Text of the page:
This year I have been to Melbourne twice. I love Melbourne, its theatre and cafes and lane ways . The VGA and Southbank. The museum. The little bars across the city.

I love its warmth in summer but remain ambivalent about its cold-to-me winters.

My recent trip allowed exploration of the wintry Botanic Gardens and War Memorial, followed by a leisurely trek down Brunswick St. in Fitzroy.

It’s those leisurely treks in travelling, those long escapades of wandering without specific intent, that allow us to find ourselves when we travel. Our day to day lives seem to prohibit such meandering but travel? Travel enlarges it, downright demands it.

And in that meandering we discover a little more about who we are and what we want and the life that we wish to live.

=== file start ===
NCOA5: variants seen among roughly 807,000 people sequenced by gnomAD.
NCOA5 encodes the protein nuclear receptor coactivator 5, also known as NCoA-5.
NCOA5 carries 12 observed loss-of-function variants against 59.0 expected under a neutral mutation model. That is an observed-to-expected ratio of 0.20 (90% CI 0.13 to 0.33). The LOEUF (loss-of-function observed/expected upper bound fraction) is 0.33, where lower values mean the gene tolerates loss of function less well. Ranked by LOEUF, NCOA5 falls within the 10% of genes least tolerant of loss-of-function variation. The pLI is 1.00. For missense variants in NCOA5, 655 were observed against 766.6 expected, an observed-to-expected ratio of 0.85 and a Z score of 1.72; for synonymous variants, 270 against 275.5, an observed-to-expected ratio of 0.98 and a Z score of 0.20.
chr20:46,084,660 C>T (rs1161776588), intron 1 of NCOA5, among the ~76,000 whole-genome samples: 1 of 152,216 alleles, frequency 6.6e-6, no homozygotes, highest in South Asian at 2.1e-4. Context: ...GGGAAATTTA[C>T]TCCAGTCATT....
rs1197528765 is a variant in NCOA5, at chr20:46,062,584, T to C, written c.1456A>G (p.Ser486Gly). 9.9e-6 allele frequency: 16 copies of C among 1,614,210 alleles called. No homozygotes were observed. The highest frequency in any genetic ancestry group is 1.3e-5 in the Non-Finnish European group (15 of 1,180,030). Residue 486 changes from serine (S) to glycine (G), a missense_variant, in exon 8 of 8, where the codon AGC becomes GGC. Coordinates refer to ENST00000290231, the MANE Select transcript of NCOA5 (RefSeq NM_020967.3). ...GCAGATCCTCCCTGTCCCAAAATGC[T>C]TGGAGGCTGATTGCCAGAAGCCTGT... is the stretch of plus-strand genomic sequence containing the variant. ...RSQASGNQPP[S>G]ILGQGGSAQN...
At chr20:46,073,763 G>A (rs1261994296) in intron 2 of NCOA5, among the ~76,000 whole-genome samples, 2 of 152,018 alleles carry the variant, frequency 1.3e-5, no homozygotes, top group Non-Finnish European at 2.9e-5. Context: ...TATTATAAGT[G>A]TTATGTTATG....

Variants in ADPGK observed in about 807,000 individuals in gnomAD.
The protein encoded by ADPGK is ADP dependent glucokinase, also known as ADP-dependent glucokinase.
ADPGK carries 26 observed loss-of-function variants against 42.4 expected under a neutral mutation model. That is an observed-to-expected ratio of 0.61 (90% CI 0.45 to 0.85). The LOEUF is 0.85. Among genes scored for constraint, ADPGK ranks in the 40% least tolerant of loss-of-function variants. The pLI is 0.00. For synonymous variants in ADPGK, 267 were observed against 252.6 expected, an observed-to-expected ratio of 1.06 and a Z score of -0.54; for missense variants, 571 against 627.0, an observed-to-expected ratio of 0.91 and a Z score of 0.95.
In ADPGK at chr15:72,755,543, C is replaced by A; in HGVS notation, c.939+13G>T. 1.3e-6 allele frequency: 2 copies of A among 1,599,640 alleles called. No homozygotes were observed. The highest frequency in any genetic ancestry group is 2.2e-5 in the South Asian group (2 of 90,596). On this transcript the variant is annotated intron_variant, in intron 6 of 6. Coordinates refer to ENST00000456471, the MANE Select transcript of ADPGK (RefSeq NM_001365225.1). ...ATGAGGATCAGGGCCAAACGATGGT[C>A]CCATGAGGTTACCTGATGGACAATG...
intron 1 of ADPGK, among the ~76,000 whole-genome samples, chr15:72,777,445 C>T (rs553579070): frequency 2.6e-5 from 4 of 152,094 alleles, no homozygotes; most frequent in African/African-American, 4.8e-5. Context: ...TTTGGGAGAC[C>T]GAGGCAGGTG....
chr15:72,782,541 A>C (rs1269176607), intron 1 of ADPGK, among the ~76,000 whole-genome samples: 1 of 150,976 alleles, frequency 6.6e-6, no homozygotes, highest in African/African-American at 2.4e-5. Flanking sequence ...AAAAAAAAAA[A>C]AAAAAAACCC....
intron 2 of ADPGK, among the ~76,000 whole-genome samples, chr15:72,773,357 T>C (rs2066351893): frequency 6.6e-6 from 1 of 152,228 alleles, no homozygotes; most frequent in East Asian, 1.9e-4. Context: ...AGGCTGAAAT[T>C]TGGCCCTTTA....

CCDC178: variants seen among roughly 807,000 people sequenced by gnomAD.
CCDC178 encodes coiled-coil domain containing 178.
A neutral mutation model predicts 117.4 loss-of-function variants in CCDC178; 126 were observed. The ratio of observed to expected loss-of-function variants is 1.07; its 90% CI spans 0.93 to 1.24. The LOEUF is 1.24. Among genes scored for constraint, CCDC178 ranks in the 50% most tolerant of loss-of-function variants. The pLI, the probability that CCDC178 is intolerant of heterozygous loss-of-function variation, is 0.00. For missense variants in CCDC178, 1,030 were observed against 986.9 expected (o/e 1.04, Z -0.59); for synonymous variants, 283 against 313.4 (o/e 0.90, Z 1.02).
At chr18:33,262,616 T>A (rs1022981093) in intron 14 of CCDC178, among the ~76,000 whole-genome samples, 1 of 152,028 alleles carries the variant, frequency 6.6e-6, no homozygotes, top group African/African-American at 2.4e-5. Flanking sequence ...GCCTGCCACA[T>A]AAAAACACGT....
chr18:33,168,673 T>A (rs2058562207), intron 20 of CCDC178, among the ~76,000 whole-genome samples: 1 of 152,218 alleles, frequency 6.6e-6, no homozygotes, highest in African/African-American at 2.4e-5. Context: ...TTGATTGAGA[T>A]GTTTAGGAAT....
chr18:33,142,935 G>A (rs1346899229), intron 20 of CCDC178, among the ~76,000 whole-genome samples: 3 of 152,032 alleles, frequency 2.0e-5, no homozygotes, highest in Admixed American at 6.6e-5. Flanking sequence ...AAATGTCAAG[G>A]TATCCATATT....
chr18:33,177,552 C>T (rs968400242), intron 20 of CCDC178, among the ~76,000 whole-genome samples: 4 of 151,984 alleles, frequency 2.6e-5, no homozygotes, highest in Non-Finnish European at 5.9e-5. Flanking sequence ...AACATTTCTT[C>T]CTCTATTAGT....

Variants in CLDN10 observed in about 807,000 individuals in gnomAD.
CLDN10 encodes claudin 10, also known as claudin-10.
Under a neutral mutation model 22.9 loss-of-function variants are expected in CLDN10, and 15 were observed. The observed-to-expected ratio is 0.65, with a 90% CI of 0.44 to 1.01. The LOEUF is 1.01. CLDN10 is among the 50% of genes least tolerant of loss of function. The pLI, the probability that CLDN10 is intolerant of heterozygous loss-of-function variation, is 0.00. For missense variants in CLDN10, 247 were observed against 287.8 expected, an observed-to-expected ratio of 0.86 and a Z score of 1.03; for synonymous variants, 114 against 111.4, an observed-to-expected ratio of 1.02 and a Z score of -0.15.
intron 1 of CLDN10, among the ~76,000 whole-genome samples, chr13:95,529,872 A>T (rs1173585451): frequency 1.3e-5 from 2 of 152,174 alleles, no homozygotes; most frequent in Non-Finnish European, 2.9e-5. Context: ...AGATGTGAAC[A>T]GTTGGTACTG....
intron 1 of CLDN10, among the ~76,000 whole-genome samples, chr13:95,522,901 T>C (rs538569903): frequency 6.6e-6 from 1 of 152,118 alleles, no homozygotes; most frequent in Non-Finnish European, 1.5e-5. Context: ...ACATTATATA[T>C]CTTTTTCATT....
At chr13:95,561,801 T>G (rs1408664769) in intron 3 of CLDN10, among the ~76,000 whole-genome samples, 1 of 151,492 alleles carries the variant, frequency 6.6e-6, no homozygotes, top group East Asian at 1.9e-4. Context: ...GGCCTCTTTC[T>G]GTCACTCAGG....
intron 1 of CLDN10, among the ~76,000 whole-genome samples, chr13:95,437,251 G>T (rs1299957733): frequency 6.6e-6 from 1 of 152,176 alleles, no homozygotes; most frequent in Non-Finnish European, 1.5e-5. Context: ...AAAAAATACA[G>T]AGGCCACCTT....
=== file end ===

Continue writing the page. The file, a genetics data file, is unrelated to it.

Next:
Climbing the trails of the Botanic Gardens, autumn coloured leaves scattering with each of my steps, arriving to eat a spicy Indo-Chinese inspired breakfast at Jardin Tan, gave me active pause.

Active pause? Yes, the meditation and reflection that accompanies walking or other physical exercise, and is stimulated by conversation with others over food and drink. Sparkling is best, you know, at breakfast.

I thought about my life and study. Where do I see myself in three years or five years?

Now, I never really plan the future, apart from superannuation. I like to go with the flow. I have a fear of goals. I think my life might collapse (and in the past I have had this creeping fear of life, that when things go good hey must immediately be followed  by bad).

I know now that life just is. It is not to be feared.

I know now that the future will come whether I dream of it or not. So better to add some future dreams to my mindful present.